The combination of a desire to protect employees and increased OSHA inspections have many working hard to ensure that production and service areas are safe and free of hazards- but when completing an internal safety audit don’t forget the front office. Slips, trips and falls are the major source of both fatal and non fatal accidents according to OSHA. The cables and wires associate with office equipment can easily become a trip and fall hazard. Other common causes of injuries in the office are strains and overexertion, falling objects, striking against objects, and being caught in or between objects. Here are some tips and tools to reduce common front office accidents and injuries:
Get those cables and wires contained and up out-of-the-way – use cable containment devices such as a split wire loom (a tube to hold the wires) to hold cables hanging from a desk or shelf; surface raceways to contain cords that run along the floor or on the wall to a distant outlet; and cord protectors to cover, hide and protect cords running across a walkway. There are a number of products that loop, tie and hang that allow you to handle cables off the floor which will reduce risks.
Reduce fire hazards – it is common sense to have the standard fire extinguisher easily available to put out any fire that starts but think beyond putting out the fire to reducing the risk of fire. Flame retardant wire sleeving and the use of fire rated expanding polyurethane form can stop flame spread before it become a major issue.
Heavy metal has a place in the office - when you need heavy-duty protection for wires use metal braided sleeving. It is made from tin-coated copper, is both flexible and strong, and also offers electromagnetic interference (EMI) protection.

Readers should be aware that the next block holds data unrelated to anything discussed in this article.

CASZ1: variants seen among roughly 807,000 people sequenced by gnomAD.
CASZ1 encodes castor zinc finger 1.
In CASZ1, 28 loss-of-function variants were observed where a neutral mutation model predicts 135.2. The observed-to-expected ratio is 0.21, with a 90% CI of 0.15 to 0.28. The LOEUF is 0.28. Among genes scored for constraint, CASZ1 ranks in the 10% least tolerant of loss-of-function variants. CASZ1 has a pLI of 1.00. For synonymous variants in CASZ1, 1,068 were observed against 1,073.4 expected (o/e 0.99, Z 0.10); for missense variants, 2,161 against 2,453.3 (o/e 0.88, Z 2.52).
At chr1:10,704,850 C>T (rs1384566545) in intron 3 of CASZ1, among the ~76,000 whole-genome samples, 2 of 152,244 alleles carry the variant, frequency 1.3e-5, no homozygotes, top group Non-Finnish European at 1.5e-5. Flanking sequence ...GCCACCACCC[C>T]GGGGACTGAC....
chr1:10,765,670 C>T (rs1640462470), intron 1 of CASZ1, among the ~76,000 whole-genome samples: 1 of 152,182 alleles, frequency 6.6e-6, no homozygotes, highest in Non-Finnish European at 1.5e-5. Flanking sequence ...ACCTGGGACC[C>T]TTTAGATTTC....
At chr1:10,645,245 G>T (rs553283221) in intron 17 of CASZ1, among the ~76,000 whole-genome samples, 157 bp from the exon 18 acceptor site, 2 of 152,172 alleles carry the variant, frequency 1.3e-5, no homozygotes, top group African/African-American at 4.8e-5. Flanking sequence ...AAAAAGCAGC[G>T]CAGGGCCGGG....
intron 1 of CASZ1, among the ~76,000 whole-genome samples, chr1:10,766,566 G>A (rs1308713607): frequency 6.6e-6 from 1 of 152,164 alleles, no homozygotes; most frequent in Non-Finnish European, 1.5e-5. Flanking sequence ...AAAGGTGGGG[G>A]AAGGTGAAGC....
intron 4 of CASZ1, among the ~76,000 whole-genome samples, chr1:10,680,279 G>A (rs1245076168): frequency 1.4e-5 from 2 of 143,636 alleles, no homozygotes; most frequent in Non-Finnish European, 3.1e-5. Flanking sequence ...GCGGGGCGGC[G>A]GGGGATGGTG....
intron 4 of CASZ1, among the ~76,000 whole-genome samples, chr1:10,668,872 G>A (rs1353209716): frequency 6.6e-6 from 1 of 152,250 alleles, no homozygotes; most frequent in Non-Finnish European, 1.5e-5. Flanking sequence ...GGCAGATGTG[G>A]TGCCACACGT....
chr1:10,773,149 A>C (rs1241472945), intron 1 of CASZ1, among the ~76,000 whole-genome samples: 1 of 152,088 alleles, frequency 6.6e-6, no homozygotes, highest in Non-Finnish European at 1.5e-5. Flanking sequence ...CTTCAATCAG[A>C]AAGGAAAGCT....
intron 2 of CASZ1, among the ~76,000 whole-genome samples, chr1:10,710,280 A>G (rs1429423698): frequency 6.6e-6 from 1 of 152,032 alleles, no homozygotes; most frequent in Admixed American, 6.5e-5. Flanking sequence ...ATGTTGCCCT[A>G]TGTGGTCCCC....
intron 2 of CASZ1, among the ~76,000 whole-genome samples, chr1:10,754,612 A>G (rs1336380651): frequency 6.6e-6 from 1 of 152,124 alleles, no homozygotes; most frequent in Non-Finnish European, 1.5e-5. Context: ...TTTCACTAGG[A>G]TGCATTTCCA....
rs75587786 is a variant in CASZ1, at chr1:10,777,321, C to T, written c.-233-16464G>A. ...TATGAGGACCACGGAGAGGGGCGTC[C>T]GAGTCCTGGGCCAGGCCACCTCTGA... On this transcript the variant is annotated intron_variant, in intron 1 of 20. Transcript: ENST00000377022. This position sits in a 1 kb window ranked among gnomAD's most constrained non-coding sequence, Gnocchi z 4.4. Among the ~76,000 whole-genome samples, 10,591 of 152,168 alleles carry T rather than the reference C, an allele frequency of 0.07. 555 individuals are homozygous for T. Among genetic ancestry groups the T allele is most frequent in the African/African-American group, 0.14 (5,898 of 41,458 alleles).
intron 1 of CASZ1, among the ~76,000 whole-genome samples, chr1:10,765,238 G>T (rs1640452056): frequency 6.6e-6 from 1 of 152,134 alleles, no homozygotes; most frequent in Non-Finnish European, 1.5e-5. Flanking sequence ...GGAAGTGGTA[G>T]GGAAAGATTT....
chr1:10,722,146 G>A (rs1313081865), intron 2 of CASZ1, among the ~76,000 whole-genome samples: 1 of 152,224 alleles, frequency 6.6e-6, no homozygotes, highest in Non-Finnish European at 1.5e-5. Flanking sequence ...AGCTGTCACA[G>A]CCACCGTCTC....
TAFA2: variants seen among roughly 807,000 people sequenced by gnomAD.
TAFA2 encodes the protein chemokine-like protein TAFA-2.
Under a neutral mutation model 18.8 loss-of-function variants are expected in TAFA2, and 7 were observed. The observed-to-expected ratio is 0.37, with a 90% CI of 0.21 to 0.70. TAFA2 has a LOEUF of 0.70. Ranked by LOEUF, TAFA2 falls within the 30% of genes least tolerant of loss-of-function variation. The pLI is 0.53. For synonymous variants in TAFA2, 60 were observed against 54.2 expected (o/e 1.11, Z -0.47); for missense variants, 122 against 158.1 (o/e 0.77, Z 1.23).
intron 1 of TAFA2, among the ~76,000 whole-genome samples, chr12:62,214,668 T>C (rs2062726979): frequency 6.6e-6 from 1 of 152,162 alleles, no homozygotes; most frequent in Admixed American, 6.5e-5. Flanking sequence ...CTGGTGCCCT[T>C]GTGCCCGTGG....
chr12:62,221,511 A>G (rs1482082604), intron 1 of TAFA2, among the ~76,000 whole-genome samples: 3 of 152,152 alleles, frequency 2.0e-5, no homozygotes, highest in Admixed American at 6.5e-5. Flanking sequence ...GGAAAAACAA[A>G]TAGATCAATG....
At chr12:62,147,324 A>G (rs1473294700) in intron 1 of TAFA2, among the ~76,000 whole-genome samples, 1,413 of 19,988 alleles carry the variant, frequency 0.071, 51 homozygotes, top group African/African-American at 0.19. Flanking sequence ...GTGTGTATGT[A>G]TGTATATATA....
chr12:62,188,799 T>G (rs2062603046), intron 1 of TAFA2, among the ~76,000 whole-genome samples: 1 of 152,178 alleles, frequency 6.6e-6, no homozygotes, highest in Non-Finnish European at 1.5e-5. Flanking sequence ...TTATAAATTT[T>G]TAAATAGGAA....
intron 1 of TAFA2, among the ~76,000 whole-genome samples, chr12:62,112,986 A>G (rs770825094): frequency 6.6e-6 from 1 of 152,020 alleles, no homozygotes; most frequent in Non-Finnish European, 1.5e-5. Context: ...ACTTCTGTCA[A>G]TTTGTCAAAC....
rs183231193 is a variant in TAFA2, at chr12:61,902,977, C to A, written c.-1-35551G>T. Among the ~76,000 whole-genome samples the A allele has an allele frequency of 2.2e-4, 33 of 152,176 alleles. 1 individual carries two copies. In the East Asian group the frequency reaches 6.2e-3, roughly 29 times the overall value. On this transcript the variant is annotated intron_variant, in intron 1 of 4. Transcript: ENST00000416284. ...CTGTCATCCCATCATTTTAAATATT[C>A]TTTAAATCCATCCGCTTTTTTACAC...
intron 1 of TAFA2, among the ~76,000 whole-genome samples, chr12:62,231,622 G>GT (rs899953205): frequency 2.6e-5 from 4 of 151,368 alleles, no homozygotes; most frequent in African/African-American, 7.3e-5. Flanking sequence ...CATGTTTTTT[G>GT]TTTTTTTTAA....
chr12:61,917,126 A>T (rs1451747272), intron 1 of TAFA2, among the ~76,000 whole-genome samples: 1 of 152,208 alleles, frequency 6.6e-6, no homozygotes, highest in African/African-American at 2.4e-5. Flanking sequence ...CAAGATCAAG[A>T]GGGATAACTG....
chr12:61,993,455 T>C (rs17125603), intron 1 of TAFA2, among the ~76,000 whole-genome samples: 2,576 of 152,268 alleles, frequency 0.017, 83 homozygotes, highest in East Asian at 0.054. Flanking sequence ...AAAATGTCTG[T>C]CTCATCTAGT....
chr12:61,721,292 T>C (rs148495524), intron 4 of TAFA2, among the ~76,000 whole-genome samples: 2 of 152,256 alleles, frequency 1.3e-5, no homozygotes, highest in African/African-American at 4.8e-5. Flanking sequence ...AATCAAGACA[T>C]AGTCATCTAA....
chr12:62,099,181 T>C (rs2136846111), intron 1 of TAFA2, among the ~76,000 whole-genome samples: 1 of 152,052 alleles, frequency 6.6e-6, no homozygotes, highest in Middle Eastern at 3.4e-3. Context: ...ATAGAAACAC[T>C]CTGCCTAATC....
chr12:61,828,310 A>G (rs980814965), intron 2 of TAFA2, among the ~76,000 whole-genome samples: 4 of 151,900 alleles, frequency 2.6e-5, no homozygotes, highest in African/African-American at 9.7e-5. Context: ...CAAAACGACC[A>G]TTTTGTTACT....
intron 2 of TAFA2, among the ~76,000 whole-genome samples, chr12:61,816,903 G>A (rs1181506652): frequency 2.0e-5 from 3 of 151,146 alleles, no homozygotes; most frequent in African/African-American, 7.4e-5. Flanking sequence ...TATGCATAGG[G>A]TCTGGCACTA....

Blunt those sharp edges- wrap sharp edges in protective coverings. Cardboard and duct tape may not be pretty but they provide protection. Don’t forget to protect those edges when throwing items away.
Good housekeeping- it certainly looks better when materials are neatly stored but more importantly is reduces the risk of injuries. Don’t have disorderly piles of material everywhere and never ever obstruct doors, aisles, fire exits and fire-fighting equipment. Do not store material or boxes on top of lockers or file cabinets. If you have to stack things up make sure that boxes are uniform in size and stacked in such a way that they will not fall over. Designate a storage area and use it. Office equipment such as computers, index files, lights or calculators should not be placed on the edges of a desk, filing cabinet, or table. Keep store materials at least 18 inches minimum away from sprinkler heads.
Don’t forget training- all employees need training for proper procedures on safe lifting, avoiding falls and remaining alert and aware of hazards.
For more information go to NIOSH (National Institute for Occupational Safety and Health). KPA client may contact their engineer for a review of best practices in office safety or for assistance with additional training.